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  1. You must mean 126 & 127 Wings. I have some 402 and 421 Sqn material, none of which include ammunition expenditure forms. It does, however, remind me that 421(RCAF) Squadron started using 150 octane fuel in February 1945: I have found that using the following search terms are useful when digging through the National Archives: the ORBs are filed under Air 27; the star represents a squadron number, followed by a full stop then the type of ORB: air 27: squadron number: * . summary of events air 27: squadron number: * . record of events
  2. I have some for Spitfire IXs, but none of them as yet include ammunition expenditure forms, because they aren't always included in the National Archives files. To explain, there were two different ORBs filed by RAF units: The Summary of Operations books were usually similar to diary entries, detailing the day to day activities of the unit. These SoEs varied in the amount of detail that was included. The SoEs were also more likely to include the expenditure forms - but that seems to depend on how complete the records were and whether or not the NA staff scanned them into the system. Here's the 130 Sqn SoE entry for early October 1944: The Record of Operations books often listed the aircraft used on each operation; depending on the squadron, they could show pilot, serial number and sometimes the code letter. Again, the amount of detail included varied from unit to unit. Here's the RoE 130 Sqn October 2 and 3 1944:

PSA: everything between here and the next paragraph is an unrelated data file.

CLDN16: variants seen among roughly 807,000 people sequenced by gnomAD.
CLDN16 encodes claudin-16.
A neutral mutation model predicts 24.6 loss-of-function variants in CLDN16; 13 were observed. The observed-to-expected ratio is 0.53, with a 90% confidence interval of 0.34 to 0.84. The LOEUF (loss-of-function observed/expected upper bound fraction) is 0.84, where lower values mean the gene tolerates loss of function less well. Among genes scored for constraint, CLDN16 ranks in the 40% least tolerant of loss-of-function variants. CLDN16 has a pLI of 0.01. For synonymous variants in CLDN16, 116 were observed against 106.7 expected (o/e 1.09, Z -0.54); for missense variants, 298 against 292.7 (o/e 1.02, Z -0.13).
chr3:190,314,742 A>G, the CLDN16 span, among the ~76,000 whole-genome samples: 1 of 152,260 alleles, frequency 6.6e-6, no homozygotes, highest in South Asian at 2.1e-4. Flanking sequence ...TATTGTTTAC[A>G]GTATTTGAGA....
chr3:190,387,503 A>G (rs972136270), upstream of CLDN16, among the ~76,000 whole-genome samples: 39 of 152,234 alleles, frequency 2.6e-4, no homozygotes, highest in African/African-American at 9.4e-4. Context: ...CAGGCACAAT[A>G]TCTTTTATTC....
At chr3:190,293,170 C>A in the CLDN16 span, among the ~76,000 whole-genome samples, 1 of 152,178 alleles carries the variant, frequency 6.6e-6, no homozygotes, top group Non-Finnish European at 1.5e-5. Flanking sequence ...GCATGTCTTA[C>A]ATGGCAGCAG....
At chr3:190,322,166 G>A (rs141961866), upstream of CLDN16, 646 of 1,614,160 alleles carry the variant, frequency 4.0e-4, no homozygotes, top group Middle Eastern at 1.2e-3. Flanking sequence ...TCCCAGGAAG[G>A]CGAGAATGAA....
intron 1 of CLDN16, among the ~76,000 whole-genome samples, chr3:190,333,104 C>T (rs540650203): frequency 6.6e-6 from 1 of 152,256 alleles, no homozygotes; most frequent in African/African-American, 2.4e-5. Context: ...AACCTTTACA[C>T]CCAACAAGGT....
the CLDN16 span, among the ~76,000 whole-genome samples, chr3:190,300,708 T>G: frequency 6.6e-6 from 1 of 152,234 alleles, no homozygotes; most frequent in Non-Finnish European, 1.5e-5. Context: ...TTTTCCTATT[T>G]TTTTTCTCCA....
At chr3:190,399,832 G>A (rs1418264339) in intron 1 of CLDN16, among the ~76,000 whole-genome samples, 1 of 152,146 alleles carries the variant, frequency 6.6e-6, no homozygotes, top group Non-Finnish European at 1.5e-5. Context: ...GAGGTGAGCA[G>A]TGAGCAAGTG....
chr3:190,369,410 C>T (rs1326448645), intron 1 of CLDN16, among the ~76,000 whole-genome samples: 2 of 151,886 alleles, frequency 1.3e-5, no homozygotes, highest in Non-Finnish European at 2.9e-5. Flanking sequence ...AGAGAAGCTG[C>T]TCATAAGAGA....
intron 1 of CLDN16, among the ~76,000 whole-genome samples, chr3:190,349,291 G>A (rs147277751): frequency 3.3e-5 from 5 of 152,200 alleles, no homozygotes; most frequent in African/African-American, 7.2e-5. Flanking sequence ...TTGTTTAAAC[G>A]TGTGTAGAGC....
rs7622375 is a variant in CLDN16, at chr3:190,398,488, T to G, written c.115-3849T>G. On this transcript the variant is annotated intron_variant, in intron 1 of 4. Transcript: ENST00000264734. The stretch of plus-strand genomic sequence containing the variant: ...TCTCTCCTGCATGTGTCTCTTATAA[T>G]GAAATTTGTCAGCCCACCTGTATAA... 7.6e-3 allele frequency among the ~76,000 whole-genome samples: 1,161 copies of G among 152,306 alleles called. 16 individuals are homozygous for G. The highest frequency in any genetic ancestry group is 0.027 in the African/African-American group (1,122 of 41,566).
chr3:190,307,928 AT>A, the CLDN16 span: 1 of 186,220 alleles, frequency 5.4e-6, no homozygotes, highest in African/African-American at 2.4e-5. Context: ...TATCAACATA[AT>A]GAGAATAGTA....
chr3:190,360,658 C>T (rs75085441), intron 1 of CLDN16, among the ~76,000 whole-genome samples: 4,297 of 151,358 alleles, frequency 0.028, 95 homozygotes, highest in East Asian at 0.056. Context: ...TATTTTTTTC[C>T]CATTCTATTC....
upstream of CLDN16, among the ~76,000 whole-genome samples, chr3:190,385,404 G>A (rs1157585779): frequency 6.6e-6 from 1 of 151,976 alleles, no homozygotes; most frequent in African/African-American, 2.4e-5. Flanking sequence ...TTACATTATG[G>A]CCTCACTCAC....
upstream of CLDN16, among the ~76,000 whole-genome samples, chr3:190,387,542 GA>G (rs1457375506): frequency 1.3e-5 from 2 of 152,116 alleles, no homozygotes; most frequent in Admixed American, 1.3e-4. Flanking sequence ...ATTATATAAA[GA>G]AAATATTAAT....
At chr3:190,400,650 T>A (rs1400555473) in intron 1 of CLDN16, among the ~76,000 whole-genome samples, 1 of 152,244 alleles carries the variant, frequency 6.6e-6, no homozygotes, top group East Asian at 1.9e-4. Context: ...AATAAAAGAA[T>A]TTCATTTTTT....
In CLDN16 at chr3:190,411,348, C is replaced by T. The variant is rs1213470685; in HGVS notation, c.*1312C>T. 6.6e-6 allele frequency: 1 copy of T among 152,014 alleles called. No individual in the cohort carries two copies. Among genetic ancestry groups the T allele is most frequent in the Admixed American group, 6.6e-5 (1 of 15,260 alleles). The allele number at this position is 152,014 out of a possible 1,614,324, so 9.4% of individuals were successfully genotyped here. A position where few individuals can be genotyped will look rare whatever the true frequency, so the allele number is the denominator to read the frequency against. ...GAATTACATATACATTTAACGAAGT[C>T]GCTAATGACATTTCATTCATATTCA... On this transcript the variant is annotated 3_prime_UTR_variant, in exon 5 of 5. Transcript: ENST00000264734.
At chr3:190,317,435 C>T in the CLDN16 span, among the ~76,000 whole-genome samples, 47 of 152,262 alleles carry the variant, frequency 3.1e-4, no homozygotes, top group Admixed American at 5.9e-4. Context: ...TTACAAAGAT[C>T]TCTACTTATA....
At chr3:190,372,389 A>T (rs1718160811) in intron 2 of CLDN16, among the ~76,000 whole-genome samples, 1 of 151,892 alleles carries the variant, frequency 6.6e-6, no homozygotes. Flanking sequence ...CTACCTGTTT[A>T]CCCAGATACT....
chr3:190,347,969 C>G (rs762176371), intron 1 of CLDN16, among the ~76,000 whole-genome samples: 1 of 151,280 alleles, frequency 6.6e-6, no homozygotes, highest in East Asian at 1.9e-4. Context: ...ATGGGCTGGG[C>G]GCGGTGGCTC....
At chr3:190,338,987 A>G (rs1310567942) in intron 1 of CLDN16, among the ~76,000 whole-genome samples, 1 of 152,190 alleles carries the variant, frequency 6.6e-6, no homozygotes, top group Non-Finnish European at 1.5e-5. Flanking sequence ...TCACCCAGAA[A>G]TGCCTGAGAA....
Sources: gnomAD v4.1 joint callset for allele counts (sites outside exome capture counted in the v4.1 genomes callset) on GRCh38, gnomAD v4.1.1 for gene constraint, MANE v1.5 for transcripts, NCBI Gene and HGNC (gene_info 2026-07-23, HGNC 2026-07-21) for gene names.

3. Good catch: there was a distinct difference between the amount of ammunition carried on operations by 130 Sqn. Spitfire XIVs with the C wings versus the E. Also note that in September '44, 130 Sqn was still part of the ADGB, whereas by October they had joined 2 TAF September '44: 20mm and .303 November and December 1944: continuing from October 20mm & .50 Finding ORBs that also include
  4. This is from 130 Sqn's Record of Operations book, October 1944: this was the first month that the unit was re-equipped with .50 armed Spitfire XIVs.
  5. Here's 610 Sqn's full Operations Record Book for August 1944, sans the last page that I have already posted. The entry for August 8 describes how... by August 13... So, yes the ORB shows that 610 Sqn's Spitfire XIVs flew combat operations without the .303s. 610 Sqn were slated to conduct sweeps over the continent, only to have operations canceled due to the weather or because, as already mentioned by 41Sqn_Skipper, ADGB required that stations flying ops against the V-1s were to be used in rotation. I'm checking the ORBs for other Spitfire XIV squadrons, but some were more detailed than others.
  6. From 610 Sqn's Summary of Events book, August 1944, they stayed operational while their Spitfire XIVs were being modified (see last paragraph of General )